“I get it,” he nodded in complete agreement. “Are you saying if there’s a performance issue there has be to an engagement issue?”
“Has to? I don’t know. It’s not a law. But you’re telling me a story of four people who are not engaged. All in different ways, but all disengaged.”
“Let me see. Steve for sure. And, yes, I guess Yasmine. She’s cut herself off.”
“Literally, disengaged,” I observed.
“Alejandro, undermining. Is that disengaged?” He thought and said, “Yes, I can see it.”
“Me, too,” I said. “If he were really engaged, he wouldn’t be throwing folks under the bus – he’d be driving towards solutions.”
He nodded, “Corinne, too. I wonder if she really is more argumentative these days. And if so, is it because everyone around her is disengaged.”
“Or are they disengaged because she’s argumentative?” I quipped, not too seriously.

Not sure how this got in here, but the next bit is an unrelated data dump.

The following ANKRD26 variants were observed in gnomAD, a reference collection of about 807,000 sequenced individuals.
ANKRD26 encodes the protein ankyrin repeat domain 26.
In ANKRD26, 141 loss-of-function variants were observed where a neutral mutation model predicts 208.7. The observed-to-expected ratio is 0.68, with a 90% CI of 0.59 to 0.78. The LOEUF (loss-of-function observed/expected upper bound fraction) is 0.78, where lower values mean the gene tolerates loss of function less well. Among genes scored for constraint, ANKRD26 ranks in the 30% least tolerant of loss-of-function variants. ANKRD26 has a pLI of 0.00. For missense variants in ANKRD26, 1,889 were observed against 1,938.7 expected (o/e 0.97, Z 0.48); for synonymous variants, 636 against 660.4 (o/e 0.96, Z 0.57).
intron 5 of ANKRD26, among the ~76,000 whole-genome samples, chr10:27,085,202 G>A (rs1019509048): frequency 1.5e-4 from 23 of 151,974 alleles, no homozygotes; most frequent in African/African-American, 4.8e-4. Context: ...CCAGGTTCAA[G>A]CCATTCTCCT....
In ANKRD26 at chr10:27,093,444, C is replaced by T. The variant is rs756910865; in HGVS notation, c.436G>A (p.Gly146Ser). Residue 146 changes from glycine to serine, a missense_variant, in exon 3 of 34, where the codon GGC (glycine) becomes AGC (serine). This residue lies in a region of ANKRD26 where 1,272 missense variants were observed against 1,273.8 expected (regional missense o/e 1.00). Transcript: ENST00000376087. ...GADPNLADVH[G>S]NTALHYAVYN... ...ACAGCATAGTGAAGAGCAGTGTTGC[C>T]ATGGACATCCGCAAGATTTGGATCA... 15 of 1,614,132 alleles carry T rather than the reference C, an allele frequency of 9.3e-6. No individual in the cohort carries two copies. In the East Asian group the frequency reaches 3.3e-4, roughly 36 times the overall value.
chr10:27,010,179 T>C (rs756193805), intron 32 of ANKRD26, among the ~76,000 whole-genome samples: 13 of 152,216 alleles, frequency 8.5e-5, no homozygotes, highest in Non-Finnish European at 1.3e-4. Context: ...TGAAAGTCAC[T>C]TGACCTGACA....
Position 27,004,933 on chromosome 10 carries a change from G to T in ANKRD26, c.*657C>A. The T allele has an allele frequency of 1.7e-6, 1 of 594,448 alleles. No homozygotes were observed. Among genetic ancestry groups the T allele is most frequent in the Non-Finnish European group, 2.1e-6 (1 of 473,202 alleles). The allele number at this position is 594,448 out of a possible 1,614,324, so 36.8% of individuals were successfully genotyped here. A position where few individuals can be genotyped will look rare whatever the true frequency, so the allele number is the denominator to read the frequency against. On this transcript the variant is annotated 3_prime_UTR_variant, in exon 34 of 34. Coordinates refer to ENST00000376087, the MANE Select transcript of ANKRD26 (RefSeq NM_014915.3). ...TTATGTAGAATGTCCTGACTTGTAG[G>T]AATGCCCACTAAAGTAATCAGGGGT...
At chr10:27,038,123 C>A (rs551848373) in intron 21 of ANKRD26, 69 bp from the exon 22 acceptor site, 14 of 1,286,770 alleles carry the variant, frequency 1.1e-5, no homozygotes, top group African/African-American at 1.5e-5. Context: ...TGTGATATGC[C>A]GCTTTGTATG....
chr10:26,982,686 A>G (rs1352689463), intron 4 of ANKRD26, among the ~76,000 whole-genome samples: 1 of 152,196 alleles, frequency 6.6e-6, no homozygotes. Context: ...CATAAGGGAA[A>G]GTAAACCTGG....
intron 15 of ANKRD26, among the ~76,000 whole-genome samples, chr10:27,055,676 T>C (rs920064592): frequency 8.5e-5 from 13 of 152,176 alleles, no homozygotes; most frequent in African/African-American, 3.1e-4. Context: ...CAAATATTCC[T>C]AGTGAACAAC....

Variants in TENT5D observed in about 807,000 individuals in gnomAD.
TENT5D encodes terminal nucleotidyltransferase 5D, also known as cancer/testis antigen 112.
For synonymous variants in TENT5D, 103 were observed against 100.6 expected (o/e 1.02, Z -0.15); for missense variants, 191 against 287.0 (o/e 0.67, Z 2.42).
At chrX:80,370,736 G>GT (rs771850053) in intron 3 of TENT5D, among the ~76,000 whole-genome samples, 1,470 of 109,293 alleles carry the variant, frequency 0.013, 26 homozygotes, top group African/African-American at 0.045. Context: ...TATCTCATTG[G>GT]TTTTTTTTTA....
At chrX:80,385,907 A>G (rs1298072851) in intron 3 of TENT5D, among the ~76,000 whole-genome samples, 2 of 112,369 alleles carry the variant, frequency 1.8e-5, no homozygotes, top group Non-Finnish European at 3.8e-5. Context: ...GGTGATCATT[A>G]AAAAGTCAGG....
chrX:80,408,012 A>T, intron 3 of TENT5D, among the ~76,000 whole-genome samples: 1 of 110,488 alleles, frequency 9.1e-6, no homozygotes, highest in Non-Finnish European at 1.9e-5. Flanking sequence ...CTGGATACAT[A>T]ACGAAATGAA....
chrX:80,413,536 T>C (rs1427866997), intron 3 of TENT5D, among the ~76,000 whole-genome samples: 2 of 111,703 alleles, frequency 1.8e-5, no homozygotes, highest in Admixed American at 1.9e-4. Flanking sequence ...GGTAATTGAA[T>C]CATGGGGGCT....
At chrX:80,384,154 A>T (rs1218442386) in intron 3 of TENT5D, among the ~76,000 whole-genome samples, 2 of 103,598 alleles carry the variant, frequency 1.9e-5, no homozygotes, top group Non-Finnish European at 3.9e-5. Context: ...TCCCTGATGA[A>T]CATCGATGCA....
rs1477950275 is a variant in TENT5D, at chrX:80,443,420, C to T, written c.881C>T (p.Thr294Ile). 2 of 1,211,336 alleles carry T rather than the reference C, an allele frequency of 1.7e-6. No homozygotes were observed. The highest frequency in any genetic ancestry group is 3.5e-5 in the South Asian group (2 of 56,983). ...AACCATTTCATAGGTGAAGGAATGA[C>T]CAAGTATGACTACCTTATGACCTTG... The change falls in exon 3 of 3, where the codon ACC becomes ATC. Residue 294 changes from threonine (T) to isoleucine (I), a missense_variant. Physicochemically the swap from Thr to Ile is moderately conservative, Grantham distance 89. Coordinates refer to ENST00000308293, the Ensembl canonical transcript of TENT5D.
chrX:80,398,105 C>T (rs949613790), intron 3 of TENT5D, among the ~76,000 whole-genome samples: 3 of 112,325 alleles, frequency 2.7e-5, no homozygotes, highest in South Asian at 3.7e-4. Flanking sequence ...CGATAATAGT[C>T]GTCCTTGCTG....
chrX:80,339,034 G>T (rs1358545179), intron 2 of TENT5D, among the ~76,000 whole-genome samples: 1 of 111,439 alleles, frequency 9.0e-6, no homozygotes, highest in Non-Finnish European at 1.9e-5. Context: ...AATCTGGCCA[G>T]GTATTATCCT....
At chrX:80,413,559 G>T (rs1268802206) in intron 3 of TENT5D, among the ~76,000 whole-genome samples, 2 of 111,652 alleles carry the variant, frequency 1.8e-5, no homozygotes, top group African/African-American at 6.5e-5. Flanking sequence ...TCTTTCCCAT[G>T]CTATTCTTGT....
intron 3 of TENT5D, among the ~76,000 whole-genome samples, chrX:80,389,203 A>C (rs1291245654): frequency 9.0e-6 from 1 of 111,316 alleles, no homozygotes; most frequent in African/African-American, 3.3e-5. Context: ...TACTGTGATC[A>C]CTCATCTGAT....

“It is like that, isn’t it?” he said. “Which comes first? Are you disengaged because of poor performance? Or are you performing poorly because you’re disengaged?” He smiled and shrugged. “Who cares, right?”
“Right,” I answered then went on. “The reason I thought about engagement in the first place is because Marcus Buckingham said something that night that really got my attention.”
I told Jason, “You have to picture this guy. He looks like a movie star, with piercing blue eyes. And he’s really funny. Great storyteller. Hops around the stage, having a ball. He’s a Brit so he’s got a great accent and he loves playing with language. This guy’s a rock star.”
“Sounds like it!” Jason said admiringly.